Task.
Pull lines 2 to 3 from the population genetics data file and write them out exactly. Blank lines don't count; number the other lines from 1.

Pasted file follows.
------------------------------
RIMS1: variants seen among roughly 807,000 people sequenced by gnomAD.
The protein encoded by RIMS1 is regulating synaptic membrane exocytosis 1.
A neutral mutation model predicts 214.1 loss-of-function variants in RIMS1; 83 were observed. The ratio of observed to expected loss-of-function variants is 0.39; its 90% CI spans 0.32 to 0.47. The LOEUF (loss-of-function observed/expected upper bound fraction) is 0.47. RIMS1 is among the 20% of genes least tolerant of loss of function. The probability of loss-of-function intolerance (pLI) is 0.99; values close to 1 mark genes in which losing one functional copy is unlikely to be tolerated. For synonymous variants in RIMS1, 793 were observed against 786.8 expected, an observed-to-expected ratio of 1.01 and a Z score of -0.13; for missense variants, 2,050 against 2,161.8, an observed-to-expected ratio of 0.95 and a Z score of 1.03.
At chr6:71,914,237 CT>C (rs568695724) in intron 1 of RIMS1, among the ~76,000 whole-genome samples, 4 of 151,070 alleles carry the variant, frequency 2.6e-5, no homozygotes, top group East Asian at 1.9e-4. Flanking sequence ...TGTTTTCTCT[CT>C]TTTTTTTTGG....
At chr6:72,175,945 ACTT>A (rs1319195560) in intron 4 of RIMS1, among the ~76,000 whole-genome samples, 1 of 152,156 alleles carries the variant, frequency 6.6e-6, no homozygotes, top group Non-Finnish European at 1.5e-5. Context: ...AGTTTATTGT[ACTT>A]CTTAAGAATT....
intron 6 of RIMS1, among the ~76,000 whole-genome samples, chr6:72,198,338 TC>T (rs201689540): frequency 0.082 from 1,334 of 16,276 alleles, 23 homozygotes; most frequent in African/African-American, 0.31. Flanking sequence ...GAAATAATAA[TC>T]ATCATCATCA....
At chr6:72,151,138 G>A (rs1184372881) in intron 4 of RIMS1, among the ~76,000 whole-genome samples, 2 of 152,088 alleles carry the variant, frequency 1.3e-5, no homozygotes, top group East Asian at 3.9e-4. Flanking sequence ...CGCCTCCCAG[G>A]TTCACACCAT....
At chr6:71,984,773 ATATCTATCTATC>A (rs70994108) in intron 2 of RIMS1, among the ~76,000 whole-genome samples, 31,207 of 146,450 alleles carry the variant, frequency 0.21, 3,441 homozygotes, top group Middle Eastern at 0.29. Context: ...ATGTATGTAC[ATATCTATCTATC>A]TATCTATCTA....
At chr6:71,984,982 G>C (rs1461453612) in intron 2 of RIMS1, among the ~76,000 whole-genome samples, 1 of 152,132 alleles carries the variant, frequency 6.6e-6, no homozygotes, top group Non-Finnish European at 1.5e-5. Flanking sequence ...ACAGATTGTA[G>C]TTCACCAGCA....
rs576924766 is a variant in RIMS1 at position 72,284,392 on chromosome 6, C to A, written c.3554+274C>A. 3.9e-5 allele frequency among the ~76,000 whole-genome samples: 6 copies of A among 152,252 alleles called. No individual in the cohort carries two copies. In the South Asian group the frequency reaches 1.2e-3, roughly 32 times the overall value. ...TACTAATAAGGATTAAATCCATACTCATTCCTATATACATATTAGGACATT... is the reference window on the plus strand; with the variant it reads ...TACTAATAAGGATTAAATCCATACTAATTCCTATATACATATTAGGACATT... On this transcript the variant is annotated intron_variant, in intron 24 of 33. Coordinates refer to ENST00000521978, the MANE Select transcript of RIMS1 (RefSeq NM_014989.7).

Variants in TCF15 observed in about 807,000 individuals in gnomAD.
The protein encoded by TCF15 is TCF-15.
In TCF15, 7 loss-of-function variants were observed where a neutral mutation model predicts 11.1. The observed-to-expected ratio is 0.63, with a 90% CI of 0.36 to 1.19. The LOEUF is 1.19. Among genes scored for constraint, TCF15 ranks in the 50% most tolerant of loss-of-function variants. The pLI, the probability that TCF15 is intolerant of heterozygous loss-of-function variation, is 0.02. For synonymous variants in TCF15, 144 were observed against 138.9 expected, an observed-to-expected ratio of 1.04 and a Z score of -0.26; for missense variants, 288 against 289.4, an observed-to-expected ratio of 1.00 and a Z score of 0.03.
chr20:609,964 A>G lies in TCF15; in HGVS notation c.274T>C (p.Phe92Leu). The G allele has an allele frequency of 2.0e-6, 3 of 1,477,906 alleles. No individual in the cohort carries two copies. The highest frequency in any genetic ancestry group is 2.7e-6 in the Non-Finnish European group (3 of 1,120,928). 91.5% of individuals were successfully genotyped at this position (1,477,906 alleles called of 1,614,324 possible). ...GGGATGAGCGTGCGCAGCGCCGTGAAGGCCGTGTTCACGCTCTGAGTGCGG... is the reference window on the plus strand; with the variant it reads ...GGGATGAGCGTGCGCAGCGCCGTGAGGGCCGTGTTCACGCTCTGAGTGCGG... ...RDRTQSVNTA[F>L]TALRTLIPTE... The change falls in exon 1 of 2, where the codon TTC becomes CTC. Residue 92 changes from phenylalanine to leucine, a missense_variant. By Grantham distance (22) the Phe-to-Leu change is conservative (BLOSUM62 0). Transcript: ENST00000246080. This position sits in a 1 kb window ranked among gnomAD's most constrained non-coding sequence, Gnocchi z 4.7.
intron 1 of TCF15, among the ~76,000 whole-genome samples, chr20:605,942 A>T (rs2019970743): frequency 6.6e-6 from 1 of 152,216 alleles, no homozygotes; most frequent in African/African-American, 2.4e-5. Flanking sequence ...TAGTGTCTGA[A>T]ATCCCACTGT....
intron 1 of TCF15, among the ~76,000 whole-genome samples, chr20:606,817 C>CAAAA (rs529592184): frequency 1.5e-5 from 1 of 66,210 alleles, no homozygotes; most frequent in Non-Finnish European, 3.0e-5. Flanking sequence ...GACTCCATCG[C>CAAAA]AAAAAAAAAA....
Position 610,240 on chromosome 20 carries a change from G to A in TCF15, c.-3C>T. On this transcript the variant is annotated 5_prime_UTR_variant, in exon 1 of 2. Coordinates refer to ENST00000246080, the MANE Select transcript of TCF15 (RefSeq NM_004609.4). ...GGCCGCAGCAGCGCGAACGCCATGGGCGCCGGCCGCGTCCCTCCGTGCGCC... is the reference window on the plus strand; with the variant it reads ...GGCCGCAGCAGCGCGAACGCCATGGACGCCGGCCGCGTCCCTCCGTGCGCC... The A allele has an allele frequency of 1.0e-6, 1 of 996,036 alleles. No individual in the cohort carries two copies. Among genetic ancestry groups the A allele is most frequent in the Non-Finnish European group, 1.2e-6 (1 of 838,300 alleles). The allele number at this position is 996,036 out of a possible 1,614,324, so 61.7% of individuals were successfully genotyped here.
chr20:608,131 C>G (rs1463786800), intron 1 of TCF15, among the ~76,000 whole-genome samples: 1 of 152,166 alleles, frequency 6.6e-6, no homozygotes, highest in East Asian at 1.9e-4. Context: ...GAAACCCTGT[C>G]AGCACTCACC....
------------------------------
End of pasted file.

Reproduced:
The protein encoded by RIMS1 is regulating synaptic membrane exocytosis 1.
A neutral mutation model predicts 214.1 loss-of-function variants in RIMS1; 83 were observed. The ratio of observed to expected loss-of-function variants is 0.39; its 90% CI spans 0.32 to 0.47. The LOEUF (loss-of-function observed/expected upper bound fraction) is 0.47. RIMS1 is among the 20% of genes least tolerant of loss of function. The probability of loss-of-function intolerance (pLI) is 0.99; values close to 1 mark genes in which losing one functional copy is unlikely to be tolerated. For synonymous variants in RIMS1, 793 were observed against 786.8 expected, an observed-to-expected ratio of 1.01 and a Z score of -0.13; for missense variants, 2,050 against 2,161.8, an observed-to-expected ratio of 0.95 and a Z score of 1.03.